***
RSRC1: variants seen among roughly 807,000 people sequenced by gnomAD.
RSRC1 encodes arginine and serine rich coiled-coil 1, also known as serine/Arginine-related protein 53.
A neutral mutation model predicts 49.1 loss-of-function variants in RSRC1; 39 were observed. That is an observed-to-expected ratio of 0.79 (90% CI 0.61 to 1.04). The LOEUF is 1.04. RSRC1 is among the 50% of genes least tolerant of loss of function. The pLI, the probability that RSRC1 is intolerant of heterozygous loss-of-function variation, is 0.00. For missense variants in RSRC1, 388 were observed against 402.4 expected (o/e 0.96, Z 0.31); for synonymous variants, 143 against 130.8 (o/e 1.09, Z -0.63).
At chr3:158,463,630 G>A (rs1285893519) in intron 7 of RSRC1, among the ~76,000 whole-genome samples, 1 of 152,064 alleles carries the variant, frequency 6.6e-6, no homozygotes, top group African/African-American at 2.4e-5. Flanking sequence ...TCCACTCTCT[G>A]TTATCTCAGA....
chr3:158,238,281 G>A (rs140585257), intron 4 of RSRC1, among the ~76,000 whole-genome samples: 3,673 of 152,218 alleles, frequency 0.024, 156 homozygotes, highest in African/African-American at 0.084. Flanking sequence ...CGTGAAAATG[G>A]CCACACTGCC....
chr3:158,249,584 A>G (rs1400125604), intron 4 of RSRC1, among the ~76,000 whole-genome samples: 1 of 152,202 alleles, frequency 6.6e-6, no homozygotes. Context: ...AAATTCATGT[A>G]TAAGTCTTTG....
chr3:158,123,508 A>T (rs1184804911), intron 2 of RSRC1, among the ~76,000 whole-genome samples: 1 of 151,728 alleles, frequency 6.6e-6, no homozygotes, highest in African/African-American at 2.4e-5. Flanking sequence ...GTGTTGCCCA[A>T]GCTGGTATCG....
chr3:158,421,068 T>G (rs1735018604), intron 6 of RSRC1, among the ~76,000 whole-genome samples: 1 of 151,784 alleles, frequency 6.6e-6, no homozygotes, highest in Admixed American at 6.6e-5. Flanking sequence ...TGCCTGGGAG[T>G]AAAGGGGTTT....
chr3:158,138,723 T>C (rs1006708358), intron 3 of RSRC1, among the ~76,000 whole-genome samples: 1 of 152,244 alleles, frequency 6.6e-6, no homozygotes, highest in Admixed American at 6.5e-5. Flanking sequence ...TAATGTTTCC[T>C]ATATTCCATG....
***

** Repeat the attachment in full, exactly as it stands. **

RSRC1: variants seen among roughly 807,000 people sequenced by gnomAD.
RSRC1 encodes arginine and serine rich coiled-coil 1, also known as serine/Arginine-related protein 53.
A neutral mutation model predicts 49.1 loss-of-function variants in RSRC1; 39 were observed. That is an observed-to-expected ratio of 0.79 (90% CI 0.61 to 1.04). The LOEUF is 1.04. RSRC1 is among the 50% of genes least tolerant of loss of function. The pLI, the probability that RSRC1 is intolerant of heterozygous loss-of-function variation, is 0.00. For missense variants in RSRC1, 388 were observed against 402.4 expected (o/e 0.96, Z 0.31); for synonymous variants, 143 against 130.8 (o/e 1.09, Z -0.63).
At chr3:158,463,630 G>A (rs1285893519) in intron 7 of RSRC1, among the ~76,000 whole-genome samples, 1 of 152,064 alleles carries the variant, frequency 6.6e-6, no homozygotes, top group African/African-American at 2.4e-5. Flanking sequence ...TCCACTCTCT[G>A]TTATCTCAGA....
chr3:158,238,281 G>A (rs140585257), intron 4 of RSRC1, among the ~76,000 whole-genome samples: 3,673 of 152,218 alleles, frequency 0.024, 156 homozygotes, highest in African/African-American at 0.084. Flanking sequence ...CGTGAAAATG[G>A]CCACACTGCC....
chr3:158,249,584 A>G (rs1400125604), intron 4 of RSRC1, among the ~76,000 whole-genome samples: 1 of 152,202 alleles, frequency 6.6e-6, no homozygotes. Context: ...AAATTCATGT[A>G]TAAGTCTTTG....
chr3:158,123,508 A>T (rs1184804911), intron 2 of RSRC1, among the ~76,000 whole-genome samples: 1 of 151,728 alleles, frequency 6.6e-6, no homozygotes, highest in African/African-American at 2.4e-5. Flanking sequence ...GTGTTGCCCA[A>T]GCTGGTATCG....
chr3:158,421,068 T>G (rs1735018604), intron 6 of RSRC1, among the ~76,000 whole-genome samples: 1 of 151,784 alleles, frequency 6.6e-6, no homozygotes, highest in Admixed American at 6.6e-5. Flanking sequence ...TGCCTGGGAG[T>G]AAAGGGGTTT....
chr3:158,138,723 T>C (rs1006708358), intron 3 of RSRC1, among the ~76,000 whole-genome samples: 1 of 152,244 alleles, frequency 6.6e-6, no homozygotes, highest in Admixed American at 6.5e-5. Flanking sequence ...TAATGTTTCC[T>C]ATATTCCATG....